Yes, Poetry

Review: Poems on Nature, Femininity and Other Realms

Compartments: Poems on Nature, Femininity and Other Realms by Carol Smallwood (Paper, $15, ISBN: 978-1-937-53600-8, LCCN: 2011912611, 146 pp, 6x9, August 2011, Anaphora Literary Press, 163 Lucas Rd., # I-2, Cochran, GA 31014)

In our modern world and complex lives, we live in “compartments”-home, school, town, nature-the kind of compartments and realms Carol Smallwood explores, giving us what we know and questioning what we don’t. “The Morning Warbler” may be seen “if one walks the bogs,” she writes, “but does it sing in the morning?” What do we really know? Smallwood raises questions even as she leads us into a consideration of our own world with a direct, matter-of-fact approach. “Why Do Women Ask First about their children / when meeting other / women?” or “After a / hysterectomy did they package your remains in a / paper sack like the gizzard, heart, liver, neck, / inside a roasting chicken? 

Everything is delightfully jumbled, but beautifully detailed. “The Sewing Box,” just like Smallwood’s compartments, is filled with its own sub-compartments-thread bag, needle assortment, tray, and others-each, in turn, filled with its own details, whether a “myriad of spools,” “potholder loops,” or “a ring of white crocheted pineapples.” She ties these objects together in the poem and also from poem to poem. For example, she sews the ring of pineapples on a “new J. C. Penney’s case”; later, in the “Town” section, she gives us a poem called “J. C. Penney litany” with its “Flannel, Poplin, Wool, Cotton, Chambray, Chamois, Corduroy, Micro-suede” shirts and its “Amber, Indigo, Basil, Blue Abyss, Oatmeal, Olive, Espresso, Mushroom” colors, all in the “men’s section” with “not a man in sight.”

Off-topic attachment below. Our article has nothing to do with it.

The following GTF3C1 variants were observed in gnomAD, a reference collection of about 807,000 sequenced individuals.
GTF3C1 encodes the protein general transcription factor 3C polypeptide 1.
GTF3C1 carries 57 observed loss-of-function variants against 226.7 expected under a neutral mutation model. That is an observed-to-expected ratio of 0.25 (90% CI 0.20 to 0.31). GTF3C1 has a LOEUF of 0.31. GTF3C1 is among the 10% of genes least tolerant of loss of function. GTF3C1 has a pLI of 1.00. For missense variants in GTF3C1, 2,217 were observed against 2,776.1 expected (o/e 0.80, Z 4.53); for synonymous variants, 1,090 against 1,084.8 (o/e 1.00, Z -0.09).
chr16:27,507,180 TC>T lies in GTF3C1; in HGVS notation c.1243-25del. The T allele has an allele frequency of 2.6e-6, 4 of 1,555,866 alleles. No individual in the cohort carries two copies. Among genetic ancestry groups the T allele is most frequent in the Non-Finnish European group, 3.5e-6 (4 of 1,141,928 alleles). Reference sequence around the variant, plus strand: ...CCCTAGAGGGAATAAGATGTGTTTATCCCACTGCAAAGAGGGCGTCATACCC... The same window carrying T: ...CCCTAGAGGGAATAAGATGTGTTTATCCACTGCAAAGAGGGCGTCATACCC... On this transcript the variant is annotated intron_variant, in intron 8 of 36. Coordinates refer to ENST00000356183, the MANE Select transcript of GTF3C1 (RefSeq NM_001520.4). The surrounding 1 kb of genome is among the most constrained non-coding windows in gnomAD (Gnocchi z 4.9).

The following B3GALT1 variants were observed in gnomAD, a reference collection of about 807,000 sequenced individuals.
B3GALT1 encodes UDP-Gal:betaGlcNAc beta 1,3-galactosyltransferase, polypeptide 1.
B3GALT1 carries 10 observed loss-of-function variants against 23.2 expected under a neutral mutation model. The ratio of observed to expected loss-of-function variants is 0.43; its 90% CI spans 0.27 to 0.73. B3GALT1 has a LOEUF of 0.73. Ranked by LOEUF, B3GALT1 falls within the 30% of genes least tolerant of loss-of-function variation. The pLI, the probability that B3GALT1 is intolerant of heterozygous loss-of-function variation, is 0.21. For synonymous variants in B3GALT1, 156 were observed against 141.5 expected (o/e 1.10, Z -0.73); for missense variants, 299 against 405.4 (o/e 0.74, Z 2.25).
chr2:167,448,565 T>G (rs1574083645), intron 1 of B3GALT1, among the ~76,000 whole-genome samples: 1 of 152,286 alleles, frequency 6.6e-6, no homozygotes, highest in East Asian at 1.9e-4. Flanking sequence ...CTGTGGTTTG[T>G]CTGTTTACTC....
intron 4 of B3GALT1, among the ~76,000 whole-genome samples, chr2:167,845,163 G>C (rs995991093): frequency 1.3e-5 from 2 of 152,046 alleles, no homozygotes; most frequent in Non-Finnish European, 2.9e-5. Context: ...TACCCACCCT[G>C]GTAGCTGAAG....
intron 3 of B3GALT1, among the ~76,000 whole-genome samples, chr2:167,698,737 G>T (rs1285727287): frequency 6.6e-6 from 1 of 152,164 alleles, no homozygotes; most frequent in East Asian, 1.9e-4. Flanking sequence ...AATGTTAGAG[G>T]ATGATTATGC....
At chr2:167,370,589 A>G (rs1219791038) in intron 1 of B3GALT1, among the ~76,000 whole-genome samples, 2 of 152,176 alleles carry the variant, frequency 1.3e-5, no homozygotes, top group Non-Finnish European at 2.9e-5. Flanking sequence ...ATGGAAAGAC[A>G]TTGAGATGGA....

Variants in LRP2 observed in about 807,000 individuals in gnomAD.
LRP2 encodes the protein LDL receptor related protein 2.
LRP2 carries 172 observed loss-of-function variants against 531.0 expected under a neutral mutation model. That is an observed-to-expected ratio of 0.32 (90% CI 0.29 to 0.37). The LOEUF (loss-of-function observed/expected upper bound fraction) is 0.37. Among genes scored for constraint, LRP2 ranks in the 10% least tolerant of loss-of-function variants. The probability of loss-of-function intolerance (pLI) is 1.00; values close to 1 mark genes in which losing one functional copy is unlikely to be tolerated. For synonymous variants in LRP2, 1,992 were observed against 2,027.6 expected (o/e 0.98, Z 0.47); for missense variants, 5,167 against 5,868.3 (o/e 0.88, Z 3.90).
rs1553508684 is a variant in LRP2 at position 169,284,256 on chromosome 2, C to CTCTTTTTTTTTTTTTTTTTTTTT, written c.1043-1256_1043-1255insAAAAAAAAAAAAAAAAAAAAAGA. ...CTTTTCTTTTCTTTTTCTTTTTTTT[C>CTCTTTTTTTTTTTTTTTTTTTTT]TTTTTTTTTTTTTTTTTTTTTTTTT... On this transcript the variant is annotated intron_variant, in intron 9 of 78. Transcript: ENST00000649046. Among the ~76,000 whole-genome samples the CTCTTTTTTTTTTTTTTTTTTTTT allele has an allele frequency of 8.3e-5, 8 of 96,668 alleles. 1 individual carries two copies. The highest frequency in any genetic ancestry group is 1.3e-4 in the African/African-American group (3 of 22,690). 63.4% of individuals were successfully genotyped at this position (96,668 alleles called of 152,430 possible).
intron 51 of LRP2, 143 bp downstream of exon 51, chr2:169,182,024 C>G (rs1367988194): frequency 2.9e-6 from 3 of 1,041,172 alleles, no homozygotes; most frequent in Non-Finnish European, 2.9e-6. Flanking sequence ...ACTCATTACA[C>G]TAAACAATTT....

The joy of these compartments is that they are all linked: the women’s objects from “The Sewing Box” and the array in the men’s section of the “J.C. Penney Litany”; the ants and spiders from the “Nature” section and the “Black Holes” from the “Science” section; and the questions that range through the book from “What’d happened to the Chinese damask / robe Nicolet had worn greeting the Winnebago’s at Green Bay?” to all the answers the poet would “like to know”—“why snow’s white” or “Why we know more of / the surface of the / Moon than ourselves.”

Everything builds on her prologue-how we live between “the highest mountain / and the deepest ocean” and how we are all these compartments rolled into one. In this collection, the reader can experience a journey through our shared world, a journey beautifully guided by this skilled and generous poet.

Aline Soules, California State University, East Bay faculty member, has appeared in journals such as Kenyon Review, The Houston Literary Review.

Review: Meditation on Woman by Aline Soules

Meditation on Woman, Aline Soules, Anaphora Literary Press, 163 Lucas Rd., Apt. I-2, Cochran, GA 31014; 2012

($15, ISBN: 978-1-937536-13-8, 6”X9”, 80pp.):